Last week’s struggle over the Bet El neighborhood called Ulpana exposed a
massive judicial and administrative failure involving the State Prosecutor, the
Civil Administration and ultimately the High Court of Justice.
began in 2007 when Harbi (Harvey Ibrahim Mustafa) Hasen, a Ramallahborn US
citizen and current resident of the Palestinian Authority-administered town of
Dura al-Qara, near Bet El, applied to register land. Assisted by Peace Now and
Yesh Din, Hasen claimed that he had inherited property in Bet El from his
father. He brought as proof a document from a Shariah court in Ramallah. The
Civil Administration accepted Hasen’s claim without the presentation of a will,
without verifying who owned the land and without questioning Hasen’s rights of
Hasen apparently claimed rights to succession, but the
Succession Order could not have settled competing rights to the property, not
only between Arabs and Jews, but family members as well, particularly if all of
the putative owners did not participate in the proceedings.
prevailing land laws based on Ottoman, British and Jordanian procedures, if the
original owner was given state land (called Miri) but did not use the land or
pay taxes, the land reverts back to the state. Title to such land could not be
transferred without approval of the state.
The underlying question is
whether the claimant’s father had rights in the property.
What was the
basis for the original ownership claim? If the testator/decedent had no rights
in the property, or those rights had expired, then his successor could not have
had any. These questions were never asked and therefore never decided by state
institutions, or courts.
SPOKESPEOPLE FOR Bet El claim that the community
bought the land from someone who claimed to be the owner. The question of
ownership is currently in the Magistrates Court – the only judicial body
mandated to decide such questions. Because of the High Court’s decision,
however, that proceeding is now irrelevant.
Assisted again by Peace Now
and Yesh Din, Hasen petitioned the High Court for possession.
Prosecutor agreed that the land belonged to Hasen and demanded the removal of
the buildings. Since the High Court does not deal with questions of evidence and
Hasen’s claim was unchallenged, the court ruled in May 2011 that buildings on
the disputed land should be demolished.
THE SUPREME Court could have
postponed the demolition order on equitable grounds to allow the government and
the current occupants time to resolve the matter. There was no need for
Similar cases in which claims that Jews had built
on “private Palestinian land” were resolved when the High Court ruled that
compensation be paid to the alleged owner and allowed the buildings to
Lost in debates over Prime Minister Binyamin Netanyahu’s
maneuvering around proposed legislation to legalize and protect Jewish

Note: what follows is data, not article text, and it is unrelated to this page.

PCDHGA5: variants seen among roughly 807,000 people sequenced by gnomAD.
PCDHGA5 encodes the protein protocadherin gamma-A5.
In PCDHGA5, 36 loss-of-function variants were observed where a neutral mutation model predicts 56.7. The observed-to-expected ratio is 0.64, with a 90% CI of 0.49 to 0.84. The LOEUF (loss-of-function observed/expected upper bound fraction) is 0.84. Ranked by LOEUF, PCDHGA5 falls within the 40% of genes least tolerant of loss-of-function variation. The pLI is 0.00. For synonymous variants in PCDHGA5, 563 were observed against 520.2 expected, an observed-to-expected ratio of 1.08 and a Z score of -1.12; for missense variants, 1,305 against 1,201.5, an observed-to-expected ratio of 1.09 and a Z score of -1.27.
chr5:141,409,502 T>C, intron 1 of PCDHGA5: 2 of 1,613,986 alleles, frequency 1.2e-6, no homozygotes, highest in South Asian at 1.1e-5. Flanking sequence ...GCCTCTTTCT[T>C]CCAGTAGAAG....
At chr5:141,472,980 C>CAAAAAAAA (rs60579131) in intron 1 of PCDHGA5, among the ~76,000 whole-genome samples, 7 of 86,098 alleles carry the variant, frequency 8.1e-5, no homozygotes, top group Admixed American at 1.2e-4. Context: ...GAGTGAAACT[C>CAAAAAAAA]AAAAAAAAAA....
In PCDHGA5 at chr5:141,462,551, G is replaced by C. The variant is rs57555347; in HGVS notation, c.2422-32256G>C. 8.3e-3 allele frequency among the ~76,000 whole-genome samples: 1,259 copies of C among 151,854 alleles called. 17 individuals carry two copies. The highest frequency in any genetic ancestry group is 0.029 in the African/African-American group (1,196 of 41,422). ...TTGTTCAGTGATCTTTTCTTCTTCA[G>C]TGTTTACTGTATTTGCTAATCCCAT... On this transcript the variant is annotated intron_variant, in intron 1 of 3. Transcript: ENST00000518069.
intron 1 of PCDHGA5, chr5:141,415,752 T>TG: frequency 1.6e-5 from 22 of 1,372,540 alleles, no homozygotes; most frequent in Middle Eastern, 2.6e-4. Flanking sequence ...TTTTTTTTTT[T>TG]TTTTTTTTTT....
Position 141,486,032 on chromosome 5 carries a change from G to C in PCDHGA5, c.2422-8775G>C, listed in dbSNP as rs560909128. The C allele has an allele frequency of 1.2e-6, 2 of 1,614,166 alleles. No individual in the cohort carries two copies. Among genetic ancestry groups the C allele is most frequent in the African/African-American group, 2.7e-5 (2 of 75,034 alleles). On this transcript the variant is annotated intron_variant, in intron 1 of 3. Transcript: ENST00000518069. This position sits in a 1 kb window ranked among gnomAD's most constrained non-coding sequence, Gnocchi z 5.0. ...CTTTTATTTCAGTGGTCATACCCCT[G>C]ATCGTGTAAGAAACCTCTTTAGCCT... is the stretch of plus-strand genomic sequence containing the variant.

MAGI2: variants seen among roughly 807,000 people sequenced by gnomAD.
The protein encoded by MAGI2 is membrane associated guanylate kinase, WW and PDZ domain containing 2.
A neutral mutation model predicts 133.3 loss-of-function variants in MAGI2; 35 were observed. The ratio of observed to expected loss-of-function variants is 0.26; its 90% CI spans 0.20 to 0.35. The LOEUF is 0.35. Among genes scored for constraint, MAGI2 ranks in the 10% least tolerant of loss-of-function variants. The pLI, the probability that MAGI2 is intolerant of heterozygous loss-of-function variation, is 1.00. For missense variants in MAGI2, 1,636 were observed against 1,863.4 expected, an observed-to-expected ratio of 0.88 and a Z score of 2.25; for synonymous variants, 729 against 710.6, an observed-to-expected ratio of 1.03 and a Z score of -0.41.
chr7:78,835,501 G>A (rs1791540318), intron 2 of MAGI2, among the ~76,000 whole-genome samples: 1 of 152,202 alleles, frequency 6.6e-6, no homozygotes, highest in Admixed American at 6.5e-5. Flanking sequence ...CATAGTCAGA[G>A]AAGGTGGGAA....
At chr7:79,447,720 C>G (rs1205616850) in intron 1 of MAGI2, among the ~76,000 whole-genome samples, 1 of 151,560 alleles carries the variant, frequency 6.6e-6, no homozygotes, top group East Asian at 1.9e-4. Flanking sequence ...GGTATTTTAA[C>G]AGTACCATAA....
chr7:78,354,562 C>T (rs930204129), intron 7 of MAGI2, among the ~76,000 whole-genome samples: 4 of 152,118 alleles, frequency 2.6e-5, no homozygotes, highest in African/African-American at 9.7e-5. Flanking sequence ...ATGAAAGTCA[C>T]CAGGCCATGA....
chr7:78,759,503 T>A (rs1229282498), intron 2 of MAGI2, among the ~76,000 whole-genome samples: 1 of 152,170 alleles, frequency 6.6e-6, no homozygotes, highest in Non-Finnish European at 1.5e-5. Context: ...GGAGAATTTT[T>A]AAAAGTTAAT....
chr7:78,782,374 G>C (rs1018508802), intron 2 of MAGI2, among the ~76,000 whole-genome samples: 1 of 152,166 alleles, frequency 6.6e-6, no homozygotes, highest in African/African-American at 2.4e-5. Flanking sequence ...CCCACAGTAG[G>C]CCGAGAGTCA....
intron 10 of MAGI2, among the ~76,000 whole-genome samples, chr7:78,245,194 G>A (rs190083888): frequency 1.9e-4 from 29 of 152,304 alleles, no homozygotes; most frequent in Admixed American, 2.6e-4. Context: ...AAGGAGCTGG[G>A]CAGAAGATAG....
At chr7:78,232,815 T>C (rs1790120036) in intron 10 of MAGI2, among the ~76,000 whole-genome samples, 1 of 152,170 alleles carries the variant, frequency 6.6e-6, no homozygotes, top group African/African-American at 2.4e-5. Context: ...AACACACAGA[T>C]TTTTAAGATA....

neighborhoods slated for destruction is what appears to be essentially a legal
and judicial fraud.
Misled by the State Prosecutor, the High Court’s
decisions, therefore, in the case of Ulpana and other disputed areas were based
on misinformation. Since the court was aware of probable discrepancies, however,
and did not seek an opinion from the lower court, or all affected parties, the
High Court is also culpable.
When the State Prosecution appealed to the
High Court for a re-hearing in May, 2012, they did so on technical grounds,
rather than admit that they had misrepresented the interests of the state. A
panel of three justices – all of whom oppose Jewish settlement – refused. And
there is no procedure to appeal.
This explains why Knesset legislation is
needed to provide a legal remedy in such cases.
MK Uri Ariel, head of the
Knesset’s State Control Committee, has asked the Comptroller to investigate the
Ulpana affair, but it is doubtful that anyone can change the existing judicial
system without a thorough investigation and Knesset legislation.
disputes must be resolved by courts, not by bureaucrats.
recommendation might be to restrict the High Court from hearing cases involving
land ownership disputes without prior examination and decision regarding
evidence by a lower court. Another would be legislation setting strict standing
requirements for petitioners to the High Court.
Allowing individuals and
NGOs to circumvent judicial procedures by petitioning the High Court abuses the
Tighter supervision and accountability from every part
of the judicial structure is essential.
If the rule of law and the
reputation of the High Court mean anything, they must be based on justice.
Unless this criterion is upheld, the High Court’s decisions regarding places
like Ulpana, Migron, Givat Assaf and Amona will continue to undermine not only
the judicial system, but Israel’s ethos.
Having made a wrong decision,
misled by the State Prosecutor, the High Court should have the integrity to
admit their mistake, revisit this case and enable a just and humanitarian
solution.The author is a PhD historian, writer and journalist.
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